Sometimes, of course, the answers to such questions will not be obvious. Indeed, we may use photography, or some interpretation of the enterprise, in conventional ways that make it difficult to ask, let alone answer them. And conventions often appear to simply be "natural," to reside in the make-up of things. Edwards is especially insightful on this. As he notes:
"At the heart of any criticisms of photographic realism is the idea that apparatus embodies conventions and assumptions about picturing. While the consequences of the staged, manipulated, or mocked up image are readily apparent, recognizing the deep conventions underpinning the apparatus can be less straightforward. However, these conventions are no less important for serious understanding of photographs; if anything, the relative invisibility of these determining assumptions makes them more worthy of attention and more insidious in their effects."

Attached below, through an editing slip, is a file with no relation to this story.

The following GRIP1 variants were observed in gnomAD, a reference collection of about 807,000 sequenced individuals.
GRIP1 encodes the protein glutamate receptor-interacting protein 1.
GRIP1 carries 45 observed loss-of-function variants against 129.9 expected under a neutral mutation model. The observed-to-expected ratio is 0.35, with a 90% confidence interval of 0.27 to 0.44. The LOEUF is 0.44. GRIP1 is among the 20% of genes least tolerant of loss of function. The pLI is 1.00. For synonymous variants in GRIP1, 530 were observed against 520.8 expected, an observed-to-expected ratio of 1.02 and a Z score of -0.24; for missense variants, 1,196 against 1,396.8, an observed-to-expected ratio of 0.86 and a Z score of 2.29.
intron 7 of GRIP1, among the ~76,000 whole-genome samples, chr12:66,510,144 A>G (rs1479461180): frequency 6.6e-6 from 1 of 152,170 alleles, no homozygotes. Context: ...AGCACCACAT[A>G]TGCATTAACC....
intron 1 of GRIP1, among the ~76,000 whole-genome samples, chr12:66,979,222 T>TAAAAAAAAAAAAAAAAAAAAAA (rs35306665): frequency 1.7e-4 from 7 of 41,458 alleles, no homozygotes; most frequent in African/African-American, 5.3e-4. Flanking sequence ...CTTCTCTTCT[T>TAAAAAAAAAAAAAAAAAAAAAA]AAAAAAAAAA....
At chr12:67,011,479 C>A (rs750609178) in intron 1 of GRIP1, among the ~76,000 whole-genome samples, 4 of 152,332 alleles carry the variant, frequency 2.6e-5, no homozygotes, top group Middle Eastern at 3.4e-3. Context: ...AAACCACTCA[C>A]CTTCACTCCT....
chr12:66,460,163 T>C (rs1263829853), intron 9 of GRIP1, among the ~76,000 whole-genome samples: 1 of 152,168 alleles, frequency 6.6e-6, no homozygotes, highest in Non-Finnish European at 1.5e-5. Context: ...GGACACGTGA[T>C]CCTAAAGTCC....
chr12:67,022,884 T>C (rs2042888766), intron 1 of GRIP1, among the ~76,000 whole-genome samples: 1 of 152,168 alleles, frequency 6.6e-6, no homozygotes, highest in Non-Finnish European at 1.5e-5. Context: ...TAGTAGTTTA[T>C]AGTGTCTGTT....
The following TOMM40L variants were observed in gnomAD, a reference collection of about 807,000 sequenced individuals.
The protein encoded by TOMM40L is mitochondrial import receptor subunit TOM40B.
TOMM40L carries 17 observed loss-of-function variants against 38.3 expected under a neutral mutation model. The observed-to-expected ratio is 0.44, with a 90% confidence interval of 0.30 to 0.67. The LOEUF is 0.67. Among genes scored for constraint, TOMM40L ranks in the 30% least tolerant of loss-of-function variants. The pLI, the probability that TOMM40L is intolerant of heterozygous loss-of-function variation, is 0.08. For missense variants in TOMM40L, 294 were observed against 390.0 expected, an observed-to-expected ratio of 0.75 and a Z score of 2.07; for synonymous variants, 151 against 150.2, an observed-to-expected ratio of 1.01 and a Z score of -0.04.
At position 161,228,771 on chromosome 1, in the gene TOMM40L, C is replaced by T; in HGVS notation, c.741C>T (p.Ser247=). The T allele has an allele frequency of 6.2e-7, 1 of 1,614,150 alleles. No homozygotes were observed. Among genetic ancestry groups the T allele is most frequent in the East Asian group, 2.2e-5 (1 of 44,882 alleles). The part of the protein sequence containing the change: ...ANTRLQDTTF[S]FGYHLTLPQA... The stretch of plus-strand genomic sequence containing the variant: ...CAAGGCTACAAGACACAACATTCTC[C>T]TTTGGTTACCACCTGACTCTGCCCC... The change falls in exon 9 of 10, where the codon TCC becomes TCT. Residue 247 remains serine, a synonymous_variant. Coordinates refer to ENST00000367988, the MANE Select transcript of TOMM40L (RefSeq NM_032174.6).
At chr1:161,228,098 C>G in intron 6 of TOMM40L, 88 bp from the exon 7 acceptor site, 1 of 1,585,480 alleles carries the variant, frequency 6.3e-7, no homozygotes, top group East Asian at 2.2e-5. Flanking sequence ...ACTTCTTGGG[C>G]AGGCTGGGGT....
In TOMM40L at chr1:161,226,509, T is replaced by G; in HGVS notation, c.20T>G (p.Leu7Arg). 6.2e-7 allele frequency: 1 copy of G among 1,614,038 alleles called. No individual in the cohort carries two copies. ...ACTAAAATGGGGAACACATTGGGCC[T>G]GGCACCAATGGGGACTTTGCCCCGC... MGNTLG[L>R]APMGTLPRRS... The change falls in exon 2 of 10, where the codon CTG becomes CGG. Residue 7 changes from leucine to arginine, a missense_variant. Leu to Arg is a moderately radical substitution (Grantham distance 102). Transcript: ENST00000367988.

The "art" versus "documentary" dichotomy is an obvious example here. So too, as he points out, are assumptions about perspective and linearity, and natural vision and framing, and so forth. But there are other conventions underpinning photographic practice that he (unsurprisingly for an admittedly "very short" book) doesn't touch on namely aversions to aestheticizing pain and suffering, the more or less relentless pursuit of closeness, or focus on individuals. Each of these are entangled with the "picture" versus "document" dichotomy that Edwards works so hard to contextualize and thereby challenge.